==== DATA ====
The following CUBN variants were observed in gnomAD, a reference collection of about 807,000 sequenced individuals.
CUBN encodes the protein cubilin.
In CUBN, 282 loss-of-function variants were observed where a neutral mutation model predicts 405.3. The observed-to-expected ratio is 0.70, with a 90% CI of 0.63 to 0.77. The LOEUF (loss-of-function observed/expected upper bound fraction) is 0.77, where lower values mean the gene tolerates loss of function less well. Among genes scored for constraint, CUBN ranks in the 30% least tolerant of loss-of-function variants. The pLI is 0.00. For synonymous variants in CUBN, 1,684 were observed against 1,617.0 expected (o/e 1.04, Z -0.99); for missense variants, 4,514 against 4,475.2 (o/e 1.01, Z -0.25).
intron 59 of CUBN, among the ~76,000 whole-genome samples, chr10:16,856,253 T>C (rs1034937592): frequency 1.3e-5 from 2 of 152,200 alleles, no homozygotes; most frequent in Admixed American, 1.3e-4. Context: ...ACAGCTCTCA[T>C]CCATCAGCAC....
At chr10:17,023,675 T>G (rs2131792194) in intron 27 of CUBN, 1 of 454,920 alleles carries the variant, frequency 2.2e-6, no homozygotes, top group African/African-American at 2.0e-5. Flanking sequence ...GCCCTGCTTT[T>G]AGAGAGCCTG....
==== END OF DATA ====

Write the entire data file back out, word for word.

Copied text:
The following CUBN variants were observed in gnomAD, a reference collection of about 807,000 sequenced individuals.
CUBN encodes the protein cubilin.
In CUBN, 282 loss-of-function variants were observed where a neutral mutation model predicts 405.3. The observed-to-expected ratio is 0.70, with a 90% CI of 0.63 to 0.77. The LOEUF (loss-of-function observed/expected upper bound fraction) is 0.77, where lower values mean the gene tolerates loss of function less well. Among genes scored for constraint, CUBN ranks in the 30% least tolerant of loss-of-function variants. The pLI is 0.00. For synonymous variants in CUBN, 1,684 were observed against 1,617.0 expected (o/e 1.04, Z -0.99); for missense variants, 4,514 against 4,475.2 (o/e 1.01, Z -0.25).
intron 59 of CUBN, among the ~76,000 whole-genome samples, chr10:16,856,253 T>C (rs1034937592): frequency 1.3e-5 from 2 of 152,200 alleles, no homozygotes; most frequent in Admixed American, 1.3e-4. Context: ...ACAGCTCTCA[T>C]CCATCAGCAC....
At chr10:17,023,675 T>G (rs2131792194) in intron 27 of CUBN, 1 of 454,920 alleles carries the variant, frequency 2.2e-6, no homozygotes, top group African/African-American at 2.0e-5. Flanking sequence ...GCCCTGCTTT[T>G]AGAGAGCCTG....